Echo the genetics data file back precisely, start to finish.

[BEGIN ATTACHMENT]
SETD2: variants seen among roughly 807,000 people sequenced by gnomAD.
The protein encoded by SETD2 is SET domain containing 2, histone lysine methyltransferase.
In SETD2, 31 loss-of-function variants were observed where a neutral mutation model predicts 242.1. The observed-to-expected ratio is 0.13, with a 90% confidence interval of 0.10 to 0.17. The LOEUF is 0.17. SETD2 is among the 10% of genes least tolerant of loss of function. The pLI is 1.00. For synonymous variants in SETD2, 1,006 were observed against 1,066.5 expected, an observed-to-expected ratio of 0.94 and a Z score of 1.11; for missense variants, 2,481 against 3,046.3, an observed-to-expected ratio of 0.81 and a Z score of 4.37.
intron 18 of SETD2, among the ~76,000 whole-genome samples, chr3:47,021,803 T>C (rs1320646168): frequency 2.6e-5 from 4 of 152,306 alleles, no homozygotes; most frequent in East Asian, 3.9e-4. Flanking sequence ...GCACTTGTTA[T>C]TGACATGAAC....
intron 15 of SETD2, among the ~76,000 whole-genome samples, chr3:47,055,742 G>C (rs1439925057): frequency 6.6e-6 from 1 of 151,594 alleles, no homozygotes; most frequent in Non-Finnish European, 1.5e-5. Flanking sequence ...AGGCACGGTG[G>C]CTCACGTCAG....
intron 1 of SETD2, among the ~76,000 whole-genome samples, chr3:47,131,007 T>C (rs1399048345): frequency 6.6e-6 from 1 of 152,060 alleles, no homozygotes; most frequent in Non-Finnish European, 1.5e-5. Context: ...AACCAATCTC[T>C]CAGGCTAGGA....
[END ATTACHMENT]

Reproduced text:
SETD2: variants seen among roughly 807,000 people sequenced by gnomAD.
The protein encoded by SETD2 is SET domain containing 2, histone lysine methyltransferase.
In SETD2, 31 loss-of-function variants were observed where a neutral mutation model predicts 242.1. The observed-to-expected ratio is 0.13, with a 90% confidence interval of 0.10 to 0.17. The LOEUF is 0.17. SETD2 is among the 10% of genes least tolerant of loss of function. The pLI is 1.00. For synonymous variants in SETD2, 1,006 were observed against 1,066.5 expected, an observed-to-expected ratio of 0.94 and a Z score of 1.11; for missense variants, 2,481 against 3,046.3, an observed-to-expected ratio of 0.81 and a Z score of 4.37.
intron 18 of SETD2, among the ~76,000 whole-genome samples, chr3:47,021,803 T>C (rs1320646168): frequency 2.6e-5 from 4 of 152,306 alleles, no homozygotes; most frequent in East Asian, 3.9e-4. Flanking sequence ...GCACTTGTTA[T>C]TGACATGAAC....
intron 15 of SETD2, among the ~76,000 whole-genome samples, chr3:47,055,742 G>C (rs1439925057): frequency 6.6e-6 from 1 of 151,594 alleles, no homozygotes; most frequent in Non-Finnish European, 1.5e-5. Flanking sequence ...AGGCACGGTG[G>C]CTCACGTCAG....
intron 1 of SETD2, among the ~76,000 whole-genome samples, chr3:47,131,007 T>C (rs1399048345): frequency 6.6e-6 from 1 of 152,060 alleles, no homozygotes; most frequent in Non-Finnish European, 1.5e-5. Context: ...AACCAATCTC[T>C]CAGGCTAGGA....